A hard-fought campaign to honour the only horse to return to Australia following service in World War I has finally borne fruit.
Defence minister Marise Payne visited Maribyrnong on Monday to unveil a memorial dedicated to ‘Sandy’ the Light Horse and the Australian Light Horse Brigades.
Community group The Friends of Sandy and the Australian Light Horse Inc have spent close to 30 years working to establish a lasting memorial to Sandy, who belonged to Major General Sir William Bridges, who died in battle at Gallipoli.
President Pauline Ashton said the group was “absolutely ecstatic” the memorial, created by Footscray designers BiGfiSh, had finally seen the light of day.
“This has been going for such a long time, with my dad before me, so we are really celebrating,” she said.
Ms Ashton welcomed the unveiling of the memorial on the eve of the hundredth anniversary of the Battle of Beersheba, where four of Australia’s Light Horse Brigades played a pivotal role.
She said it was fitting that the memorial was being located near the Maribyrnong Defence Site, the final resting place of Sandy.
“This is also for all those horses that didn’t come back after their service, which numbers between 120,000 and 150,000,” she said.
Ms Ashton paid tribute to the assistance of Maribyrnong MP Bill Shorten and his office, along with the Department of Defence, the federal government and Maribyrnong Council.
Defence minister Marise Payne said the memorial will serve as a reminder to future generations of the important role light horses played in Australia’s military history.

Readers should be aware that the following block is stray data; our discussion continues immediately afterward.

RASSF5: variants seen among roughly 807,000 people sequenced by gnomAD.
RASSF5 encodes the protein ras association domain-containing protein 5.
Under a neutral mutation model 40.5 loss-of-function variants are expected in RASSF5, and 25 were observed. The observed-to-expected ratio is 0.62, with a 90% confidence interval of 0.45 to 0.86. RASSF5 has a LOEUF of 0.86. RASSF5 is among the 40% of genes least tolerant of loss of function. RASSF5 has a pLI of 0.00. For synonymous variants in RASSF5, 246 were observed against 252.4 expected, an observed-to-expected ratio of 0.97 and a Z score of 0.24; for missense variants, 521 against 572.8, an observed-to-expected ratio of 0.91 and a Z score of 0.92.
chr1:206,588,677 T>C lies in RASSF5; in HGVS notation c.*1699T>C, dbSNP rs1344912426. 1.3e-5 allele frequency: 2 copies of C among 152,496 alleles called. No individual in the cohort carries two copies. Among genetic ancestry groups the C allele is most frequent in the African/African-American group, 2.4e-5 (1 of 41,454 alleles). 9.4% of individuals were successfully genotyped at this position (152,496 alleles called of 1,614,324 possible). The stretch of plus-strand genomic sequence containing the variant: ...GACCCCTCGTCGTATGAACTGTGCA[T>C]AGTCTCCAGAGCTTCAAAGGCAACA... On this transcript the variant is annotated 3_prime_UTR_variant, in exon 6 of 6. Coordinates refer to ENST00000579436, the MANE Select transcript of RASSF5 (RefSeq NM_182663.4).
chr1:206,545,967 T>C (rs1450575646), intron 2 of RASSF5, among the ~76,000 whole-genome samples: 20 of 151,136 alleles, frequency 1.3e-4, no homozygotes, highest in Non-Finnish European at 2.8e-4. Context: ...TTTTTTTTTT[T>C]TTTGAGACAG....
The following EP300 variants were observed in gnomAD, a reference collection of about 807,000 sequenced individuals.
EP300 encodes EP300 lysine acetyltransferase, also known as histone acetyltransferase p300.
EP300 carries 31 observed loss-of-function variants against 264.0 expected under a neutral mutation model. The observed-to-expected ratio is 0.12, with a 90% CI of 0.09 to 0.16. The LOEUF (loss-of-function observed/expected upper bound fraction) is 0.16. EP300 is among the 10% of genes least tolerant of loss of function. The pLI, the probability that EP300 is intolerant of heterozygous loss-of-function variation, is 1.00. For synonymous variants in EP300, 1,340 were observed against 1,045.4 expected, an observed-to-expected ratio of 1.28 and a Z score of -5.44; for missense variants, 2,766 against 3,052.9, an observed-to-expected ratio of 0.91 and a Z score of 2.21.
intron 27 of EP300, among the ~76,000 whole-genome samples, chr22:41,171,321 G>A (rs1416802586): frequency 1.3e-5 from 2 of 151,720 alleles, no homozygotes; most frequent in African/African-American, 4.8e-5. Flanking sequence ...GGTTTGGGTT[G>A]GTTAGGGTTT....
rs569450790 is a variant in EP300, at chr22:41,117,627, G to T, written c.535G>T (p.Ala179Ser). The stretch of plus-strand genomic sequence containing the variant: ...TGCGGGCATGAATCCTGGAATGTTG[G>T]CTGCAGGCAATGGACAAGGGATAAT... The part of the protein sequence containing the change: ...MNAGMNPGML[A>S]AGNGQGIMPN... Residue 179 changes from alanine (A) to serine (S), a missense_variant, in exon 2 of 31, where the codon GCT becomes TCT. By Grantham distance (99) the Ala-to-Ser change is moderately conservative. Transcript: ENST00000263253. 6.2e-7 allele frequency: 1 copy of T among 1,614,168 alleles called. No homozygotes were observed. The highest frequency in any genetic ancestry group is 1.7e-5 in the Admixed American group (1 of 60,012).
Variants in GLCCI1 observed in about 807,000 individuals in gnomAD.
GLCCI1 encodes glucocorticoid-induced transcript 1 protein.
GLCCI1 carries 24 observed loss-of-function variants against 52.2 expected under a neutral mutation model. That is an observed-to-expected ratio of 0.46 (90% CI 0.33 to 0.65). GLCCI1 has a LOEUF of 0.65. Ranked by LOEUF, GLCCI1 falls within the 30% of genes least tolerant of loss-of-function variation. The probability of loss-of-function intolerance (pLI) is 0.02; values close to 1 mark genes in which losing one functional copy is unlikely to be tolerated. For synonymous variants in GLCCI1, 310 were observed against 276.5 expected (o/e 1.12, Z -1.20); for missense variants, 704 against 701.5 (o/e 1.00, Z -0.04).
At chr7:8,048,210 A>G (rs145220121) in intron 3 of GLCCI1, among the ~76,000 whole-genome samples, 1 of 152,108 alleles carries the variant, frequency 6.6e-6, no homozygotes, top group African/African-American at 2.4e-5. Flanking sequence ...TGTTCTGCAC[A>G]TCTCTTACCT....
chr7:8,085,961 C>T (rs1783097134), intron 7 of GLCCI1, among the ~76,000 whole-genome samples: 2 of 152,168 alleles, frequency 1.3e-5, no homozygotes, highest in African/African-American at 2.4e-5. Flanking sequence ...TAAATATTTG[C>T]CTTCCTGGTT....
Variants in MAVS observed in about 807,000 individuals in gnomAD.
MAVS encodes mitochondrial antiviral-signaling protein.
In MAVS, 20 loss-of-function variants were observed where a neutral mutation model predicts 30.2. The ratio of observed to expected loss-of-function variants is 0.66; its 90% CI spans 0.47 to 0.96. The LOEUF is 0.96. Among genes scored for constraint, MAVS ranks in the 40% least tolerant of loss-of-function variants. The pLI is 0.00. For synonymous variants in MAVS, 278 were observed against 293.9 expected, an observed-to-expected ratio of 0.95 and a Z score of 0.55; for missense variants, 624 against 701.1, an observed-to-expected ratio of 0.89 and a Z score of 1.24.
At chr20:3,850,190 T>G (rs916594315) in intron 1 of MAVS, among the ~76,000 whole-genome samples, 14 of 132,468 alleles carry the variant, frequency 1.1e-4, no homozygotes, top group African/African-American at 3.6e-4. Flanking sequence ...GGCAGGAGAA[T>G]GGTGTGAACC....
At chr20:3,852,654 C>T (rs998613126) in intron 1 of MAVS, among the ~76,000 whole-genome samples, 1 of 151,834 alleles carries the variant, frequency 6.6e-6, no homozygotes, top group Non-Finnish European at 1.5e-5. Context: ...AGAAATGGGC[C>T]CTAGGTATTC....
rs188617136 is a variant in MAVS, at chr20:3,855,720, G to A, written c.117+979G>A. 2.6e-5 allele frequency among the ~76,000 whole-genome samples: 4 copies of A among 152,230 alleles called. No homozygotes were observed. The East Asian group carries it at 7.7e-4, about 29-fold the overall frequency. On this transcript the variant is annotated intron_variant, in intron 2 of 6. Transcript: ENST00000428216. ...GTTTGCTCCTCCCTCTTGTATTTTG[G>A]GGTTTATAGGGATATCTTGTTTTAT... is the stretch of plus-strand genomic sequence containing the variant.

“Australia’s light horses, including Sandy, were deployed from the remount depot at Defence Site Maribyrnong,” she said.
“Today’s unveiling is a fantastic achievement; the Friends of Sandy have been working toward this goal for years. They have been organised, committed and most importantly, persistent.”
Maribyrnong MP Bill Shorten said it was wonderful to see the memorial proudly displayed for all in the community to enjoy.
“In 2014 I was able to assist the Friends of Sandy in raising funds for the memorial through an ANZAC Centenary Grant,” he said.
“Sandy, who lived out his retirement in the fields at Maribyrnong, has become the stuff of local legend.
“Through the work of the Friends of Sandy, his memory – and the memory of all those who have served our nation – continues to be honoured.”
Maribyrnong mayor Catherine Cumming said the community has been pushing for the memorial for the whole of her 20 years on council.
The memorial has a temporary home next to the Maribyrnong Community Centre on Randall Street.
Once the Maribyrnong Defence Site is decontaminated and redeveloped, it will be relocated to its permanent location at the Fisher Stables.